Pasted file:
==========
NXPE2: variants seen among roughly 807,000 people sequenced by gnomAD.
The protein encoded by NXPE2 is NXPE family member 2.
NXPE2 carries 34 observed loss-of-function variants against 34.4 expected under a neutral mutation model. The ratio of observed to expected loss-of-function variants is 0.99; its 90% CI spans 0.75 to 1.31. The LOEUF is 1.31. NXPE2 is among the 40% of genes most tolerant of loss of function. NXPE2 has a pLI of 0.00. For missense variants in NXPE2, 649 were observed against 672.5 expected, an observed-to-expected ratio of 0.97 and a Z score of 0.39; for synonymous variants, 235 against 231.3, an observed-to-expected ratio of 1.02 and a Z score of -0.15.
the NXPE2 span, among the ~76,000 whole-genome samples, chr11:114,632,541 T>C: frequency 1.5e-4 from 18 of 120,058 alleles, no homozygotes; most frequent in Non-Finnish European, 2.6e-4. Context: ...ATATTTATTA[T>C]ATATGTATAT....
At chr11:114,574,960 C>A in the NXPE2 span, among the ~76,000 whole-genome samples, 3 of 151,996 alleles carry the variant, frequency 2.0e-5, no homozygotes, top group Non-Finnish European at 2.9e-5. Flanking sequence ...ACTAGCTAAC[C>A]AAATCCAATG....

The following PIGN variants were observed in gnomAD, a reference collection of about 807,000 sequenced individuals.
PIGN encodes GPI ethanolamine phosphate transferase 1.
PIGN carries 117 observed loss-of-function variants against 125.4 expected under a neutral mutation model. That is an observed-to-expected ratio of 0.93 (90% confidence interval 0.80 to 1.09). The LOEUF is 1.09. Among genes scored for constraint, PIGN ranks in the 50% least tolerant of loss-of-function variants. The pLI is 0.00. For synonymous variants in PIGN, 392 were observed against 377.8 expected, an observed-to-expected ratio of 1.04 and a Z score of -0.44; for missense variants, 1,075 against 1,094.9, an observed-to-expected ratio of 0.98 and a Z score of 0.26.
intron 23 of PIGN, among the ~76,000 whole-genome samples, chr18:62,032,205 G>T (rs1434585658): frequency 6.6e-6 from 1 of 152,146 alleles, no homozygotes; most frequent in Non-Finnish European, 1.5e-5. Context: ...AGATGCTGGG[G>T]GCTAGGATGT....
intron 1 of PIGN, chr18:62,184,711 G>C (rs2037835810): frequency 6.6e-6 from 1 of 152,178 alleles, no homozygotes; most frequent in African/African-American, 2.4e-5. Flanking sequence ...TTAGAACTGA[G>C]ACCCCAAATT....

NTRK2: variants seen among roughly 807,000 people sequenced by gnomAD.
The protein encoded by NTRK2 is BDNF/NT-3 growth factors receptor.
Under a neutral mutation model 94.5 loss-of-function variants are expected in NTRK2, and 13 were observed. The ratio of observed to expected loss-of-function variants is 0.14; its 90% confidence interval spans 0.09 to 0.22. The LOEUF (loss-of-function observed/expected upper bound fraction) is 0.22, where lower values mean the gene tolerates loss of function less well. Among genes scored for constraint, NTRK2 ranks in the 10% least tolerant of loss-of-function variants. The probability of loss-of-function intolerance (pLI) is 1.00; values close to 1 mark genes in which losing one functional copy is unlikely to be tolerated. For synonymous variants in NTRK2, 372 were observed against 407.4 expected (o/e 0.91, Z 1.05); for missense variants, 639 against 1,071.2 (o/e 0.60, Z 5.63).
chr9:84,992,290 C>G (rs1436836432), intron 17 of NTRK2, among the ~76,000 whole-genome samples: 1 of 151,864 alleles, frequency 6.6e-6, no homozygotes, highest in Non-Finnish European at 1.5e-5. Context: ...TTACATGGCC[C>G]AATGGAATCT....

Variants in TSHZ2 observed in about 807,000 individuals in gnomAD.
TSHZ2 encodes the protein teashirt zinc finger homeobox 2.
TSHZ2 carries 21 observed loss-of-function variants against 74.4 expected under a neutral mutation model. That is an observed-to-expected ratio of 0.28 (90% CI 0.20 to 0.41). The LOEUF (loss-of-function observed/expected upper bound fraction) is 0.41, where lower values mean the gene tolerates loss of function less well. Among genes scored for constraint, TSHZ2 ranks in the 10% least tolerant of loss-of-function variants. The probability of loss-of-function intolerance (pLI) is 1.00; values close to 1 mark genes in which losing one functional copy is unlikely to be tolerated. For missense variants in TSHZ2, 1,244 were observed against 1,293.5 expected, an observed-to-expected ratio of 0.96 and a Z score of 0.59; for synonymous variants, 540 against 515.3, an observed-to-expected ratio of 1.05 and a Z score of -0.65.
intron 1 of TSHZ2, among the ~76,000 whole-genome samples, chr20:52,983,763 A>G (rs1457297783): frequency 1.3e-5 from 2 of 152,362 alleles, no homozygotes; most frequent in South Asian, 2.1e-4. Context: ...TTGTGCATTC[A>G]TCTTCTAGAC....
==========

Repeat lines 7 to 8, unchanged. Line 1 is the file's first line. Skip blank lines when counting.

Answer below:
PIGN encodes GPI ethanolamine phosphate transferase 1.
PIGN carries 117 observed loss-of-function variants against 125.4 expected under a neutral mutation model. That is an observed-to-expected ratio of 0.93 (90% confidence interval 0.80 to 1.09). The LOEUF is 1.09. Among genes scored for constraint, PIGN ranks in the 50% least tolerant of loss-of-function variants. The pLI is 0.00. For synonymous variants in PIGN, 392 were observed against 377.8 expected, an observed-to-expected ratio of 1.04 and a Z score of -0.44; for missense variants, 1,075 against 1,094.9, an observed-to-expected ratio of 0.98 and a Z score of 0.26.